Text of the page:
Like vassals at the castle wall, the autograph collectors--they don't like being called hounds, and most of them swear they're not sellers--stand on the sidewalk across from the Westin Michigan Avenue in Chicago, awaiting the departure of the Cincinnati Reds for a day game at Wrigley Field. They are barred from either entering the hotel or congregating outside the revolving doors. "No use trying to sneak over there," says Bob Johnson. "They know who we are." � Separated from their prey by a busy thoroughfare, the dozen collectors mill about while keeping a vigilant watch on the doorway. There's an eight-year-old boy as well as fiftysomething veterans Johnson and Jim Mann, who snagged his first autograph in 1960 at Comiskey Park. Mann estimates that he has 100,000 autographed baseball cards. That's one ... hundred ... thousand. � The group also includes a generously endowed woman with a low-cut Ryan Freel jersey; she is blissfully unaware that the Reds' leadoff hitter had taken a cab to Wrigley earlier. Most athletes have a story or two about being asked to sign a woman's breast or undergarment, and you might think that the male collectors would resent a distaff presence. They don't. "She can be an advantage," says Johnson. "Players will stop if they see a good-looking woman." � The younger autograph hunters wear hopeful, starry-eyed looks, but the vets pursue their avocation with a certain dispassion. They've been around the block a few times, enduring disappointment, rejection, even outright humiliation. But they know a few things, too. Particularly about writing implements. They know that a supply of blue and black Sharpies is a must for signatures on cards, magazines and photos. They know that Sharpies bleed on baseballs, so the old-fashioned ballpoint is also valuable. They know that silver or gold paint pens work best on jerseys or dark-colored items, such as hockey pucks. They know that some of their peers favor the Vis-�-Vis marker over the Sharpie because of its dark-blue ink, though others feel that the Vis-�-Vis tends to blotch, and then when you hold the autograph up to the light, you can make out a gold tinge and.... How much time do you have?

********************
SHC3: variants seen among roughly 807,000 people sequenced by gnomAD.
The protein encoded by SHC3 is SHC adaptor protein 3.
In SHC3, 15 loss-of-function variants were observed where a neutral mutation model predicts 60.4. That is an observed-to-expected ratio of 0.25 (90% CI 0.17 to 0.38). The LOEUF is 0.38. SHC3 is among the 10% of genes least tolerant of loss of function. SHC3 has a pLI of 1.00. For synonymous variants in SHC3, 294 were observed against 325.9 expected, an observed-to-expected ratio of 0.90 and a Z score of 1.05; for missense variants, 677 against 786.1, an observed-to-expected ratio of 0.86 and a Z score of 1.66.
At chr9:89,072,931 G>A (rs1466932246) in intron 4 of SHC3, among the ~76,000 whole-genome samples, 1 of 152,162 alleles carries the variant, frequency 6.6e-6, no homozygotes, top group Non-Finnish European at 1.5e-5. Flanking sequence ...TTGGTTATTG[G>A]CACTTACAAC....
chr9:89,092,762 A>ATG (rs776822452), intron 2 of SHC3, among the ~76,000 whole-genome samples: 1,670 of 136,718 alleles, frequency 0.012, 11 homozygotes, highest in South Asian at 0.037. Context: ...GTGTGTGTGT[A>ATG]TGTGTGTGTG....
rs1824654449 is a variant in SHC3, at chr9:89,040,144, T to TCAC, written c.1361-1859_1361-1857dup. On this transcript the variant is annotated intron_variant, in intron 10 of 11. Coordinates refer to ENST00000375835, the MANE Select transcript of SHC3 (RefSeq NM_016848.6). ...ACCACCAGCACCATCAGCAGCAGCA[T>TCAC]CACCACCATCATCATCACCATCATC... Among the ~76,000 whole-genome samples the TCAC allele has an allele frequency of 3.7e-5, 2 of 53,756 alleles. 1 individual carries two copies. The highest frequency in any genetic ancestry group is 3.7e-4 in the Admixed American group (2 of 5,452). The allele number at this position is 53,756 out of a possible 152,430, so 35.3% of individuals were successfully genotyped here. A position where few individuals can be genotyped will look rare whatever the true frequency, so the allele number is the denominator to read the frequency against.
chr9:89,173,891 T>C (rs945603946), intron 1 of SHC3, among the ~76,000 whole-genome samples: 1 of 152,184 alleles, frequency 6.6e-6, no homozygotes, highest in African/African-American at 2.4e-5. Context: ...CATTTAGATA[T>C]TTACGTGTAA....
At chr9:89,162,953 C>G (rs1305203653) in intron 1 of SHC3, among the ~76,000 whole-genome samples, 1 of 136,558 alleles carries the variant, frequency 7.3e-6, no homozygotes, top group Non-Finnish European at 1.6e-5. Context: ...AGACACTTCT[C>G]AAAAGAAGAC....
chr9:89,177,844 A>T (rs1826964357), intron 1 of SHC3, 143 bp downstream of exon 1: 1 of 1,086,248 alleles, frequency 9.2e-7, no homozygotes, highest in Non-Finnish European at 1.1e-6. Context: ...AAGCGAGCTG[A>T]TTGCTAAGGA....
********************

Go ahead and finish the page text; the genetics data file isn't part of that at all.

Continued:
They are also plugged into the circadian rhythms of athletes. They know that young ballplayers will probably emerge from the hotel early and hail a cab to the park and that wily vets will hunker down in the lobby and dash out only after the doorman has secured their ride. They know that only a few players will take the team bus to the park for a day game, though in this case the Reds' driver arrived early and parked near a side exit, which some of the players will use to sneak out.
And so the collectors wait and watch.
"Basketball is the worst for getting autographs," says Bryan Petrulis, 32, who has come to the hotel directly from his midnight-to-eight shift as a telecommunications specialist at SBC, "but baseball is a close second. Then football." Petrulis has about 50,000 baseball autographs. If he stays at it, he may one day pass Mann, whom he calls "the father of us all."
"Hockey guys are the best," opines Johnson.
"But you get the sloppiest autographs from hockey," says Petrulis, "which is their way of telling you that...."
Suddenly, they take off en masse across Delaware Place, thumbing through their loose-leaf binders for the appropriate card or photo and screwing the tops off their Sharpies. It is serious multitasking and literally a dodgy business--they must maneuver through steady traffic. As they approach their target, one pleads, "Would you sign?" Their quarry looks at them with disdain, then wordlessly accommodates a few, ignores the rest and climbs into a cab. When they return to their post, the hunters identify the Red as backup shortstop Ray Olmedo.
"Hispanic guys usually don't sign," says Johnson, "but he's young." When it comes to signing, youth, apparently, trumps Hispanic-ness.
"See, there's a progression with these guys," says Petrulis. "When they first come up, they'll sign about anything you hand them. Then it depends on who they lend their ear to. If it's the biggest jerk on the team, then they start getting ideas about what people do with autographs."
"One jerk can pollute the whole team," says Johnson.